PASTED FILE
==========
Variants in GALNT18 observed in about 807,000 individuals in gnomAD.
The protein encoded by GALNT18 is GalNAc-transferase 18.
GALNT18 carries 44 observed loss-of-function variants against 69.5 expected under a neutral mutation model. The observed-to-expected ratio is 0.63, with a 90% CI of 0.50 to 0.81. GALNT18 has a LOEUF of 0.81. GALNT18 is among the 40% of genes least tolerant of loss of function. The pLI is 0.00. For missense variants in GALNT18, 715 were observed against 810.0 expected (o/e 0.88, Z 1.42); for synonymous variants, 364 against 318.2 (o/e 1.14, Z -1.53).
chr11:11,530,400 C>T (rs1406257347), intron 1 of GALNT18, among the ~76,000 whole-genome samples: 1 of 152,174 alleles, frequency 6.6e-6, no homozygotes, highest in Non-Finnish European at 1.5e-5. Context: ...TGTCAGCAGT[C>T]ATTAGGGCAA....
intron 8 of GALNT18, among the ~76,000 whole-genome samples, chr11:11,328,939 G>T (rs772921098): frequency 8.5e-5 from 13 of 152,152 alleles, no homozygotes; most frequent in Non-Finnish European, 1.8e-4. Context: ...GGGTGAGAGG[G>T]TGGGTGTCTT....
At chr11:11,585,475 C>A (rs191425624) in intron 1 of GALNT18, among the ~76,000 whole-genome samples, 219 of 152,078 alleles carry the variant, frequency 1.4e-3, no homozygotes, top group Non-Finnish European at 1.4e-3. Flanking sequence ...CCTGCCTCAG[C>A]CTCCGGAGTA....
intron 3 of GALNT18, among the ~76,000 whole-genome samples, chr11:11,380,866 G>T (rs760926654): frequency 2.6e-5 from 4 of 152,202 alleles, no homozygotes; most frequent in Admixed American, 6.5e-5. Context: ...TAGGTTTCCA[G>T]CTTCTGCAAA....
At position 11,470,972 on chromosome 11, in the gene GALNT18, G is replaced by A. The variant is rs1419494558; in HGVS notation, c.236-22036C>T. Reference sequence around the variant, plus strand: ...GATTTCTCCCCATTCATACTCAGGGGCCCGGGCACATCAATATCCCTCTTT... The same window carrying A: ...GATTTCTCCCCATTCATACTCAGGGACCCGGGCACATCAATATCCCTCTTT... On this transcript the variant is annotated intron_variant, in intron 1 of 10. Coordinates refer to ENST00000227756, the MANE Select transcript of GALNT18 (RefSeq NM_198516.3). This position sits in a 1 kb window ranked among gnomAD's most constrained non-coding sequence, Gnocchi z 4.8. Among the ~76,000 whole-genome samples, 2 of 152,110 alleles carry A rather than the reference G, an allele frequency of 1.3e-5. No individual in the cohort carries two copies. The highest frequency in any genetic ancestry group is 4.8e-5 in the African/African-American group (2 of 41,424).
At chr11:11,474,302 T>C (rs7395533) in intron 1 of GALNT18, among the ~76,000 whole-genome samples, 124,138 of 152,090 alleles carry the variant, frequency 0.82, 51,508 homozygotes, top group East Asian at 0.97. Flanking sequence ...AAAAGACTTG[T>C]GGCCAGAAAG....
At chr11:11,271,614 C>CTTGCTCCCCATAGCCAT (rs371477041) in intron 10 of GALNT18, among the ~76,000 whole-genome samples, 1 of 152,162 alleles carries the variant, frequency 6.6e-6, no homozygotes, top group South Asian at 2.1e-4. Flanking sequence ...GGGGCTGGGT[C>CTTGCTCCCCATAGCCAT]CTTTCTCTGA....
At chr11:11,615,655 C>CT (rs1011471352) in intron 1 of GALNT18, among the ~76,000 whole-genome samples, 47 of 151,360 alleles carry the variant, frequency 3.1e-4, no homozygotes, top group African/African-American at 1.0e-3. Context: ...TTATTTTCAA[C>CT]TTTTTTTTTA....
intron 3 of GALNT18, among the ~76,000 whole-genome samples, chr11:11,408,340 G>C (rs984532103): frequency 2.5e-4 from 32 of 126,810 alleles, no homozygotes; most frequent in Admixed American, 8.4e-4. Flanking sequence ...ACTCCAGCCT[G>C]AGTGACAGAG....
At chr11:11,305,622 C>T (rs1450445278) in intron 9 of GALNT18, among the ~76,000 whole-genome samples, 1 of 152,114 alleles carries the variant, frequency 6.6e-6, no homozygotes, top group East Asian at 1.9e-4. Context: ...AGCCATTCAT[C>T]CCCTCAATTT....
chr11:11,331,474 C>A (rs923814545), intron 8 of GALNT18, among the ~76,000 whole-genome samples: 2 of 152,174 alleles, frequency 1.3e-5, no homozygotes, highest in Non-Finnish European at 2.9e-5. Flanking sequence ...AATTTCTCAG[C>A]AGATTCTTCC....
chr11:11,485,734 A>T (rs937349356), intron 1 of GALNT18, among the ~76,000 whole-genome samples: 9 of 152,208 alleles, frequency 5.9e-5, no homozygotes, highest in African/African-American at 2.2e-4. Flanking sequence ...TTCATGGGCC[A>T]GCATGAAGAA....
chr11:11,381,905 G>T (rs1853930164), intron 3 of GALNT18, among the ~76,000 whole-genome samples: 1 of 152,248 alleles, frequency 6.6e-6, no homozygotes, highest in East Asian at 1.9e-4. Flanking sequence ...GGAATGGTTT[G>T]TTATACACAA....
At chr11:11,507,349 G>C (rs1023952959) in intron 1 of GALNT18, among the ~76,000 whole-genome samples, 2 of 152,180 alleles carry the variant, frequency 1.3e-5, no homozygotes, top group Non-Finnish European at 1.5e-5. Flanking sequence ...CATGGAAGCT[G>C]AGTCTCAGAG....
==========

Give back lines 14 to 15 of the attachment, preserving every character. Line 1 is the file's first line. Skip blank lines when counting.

chr11:11,331,474 C>A (rs923814545), intron 8 of GALNT18, among the ~76,000 whole-genome samples: 2 of 152,174 alleles, frequency 1.3e-5, no homozygotes, highest in Non-Finnish European at 2.9e-5. Flanking sequence ...AATTTCTCAG[C>A]AGATTCTTCC....
chr11:11,485,734 A>T (rs937349356), intron 1 of GALNT18, among the ~76,000 whole-genome samples: 9 of 152,208 alleles, frequency 5.9e-5, no homozygotes, highest in African/African-American at 2.2e-4. Flanking sequence ...TTCATGGGCC[A>T]GCATGAAGAA....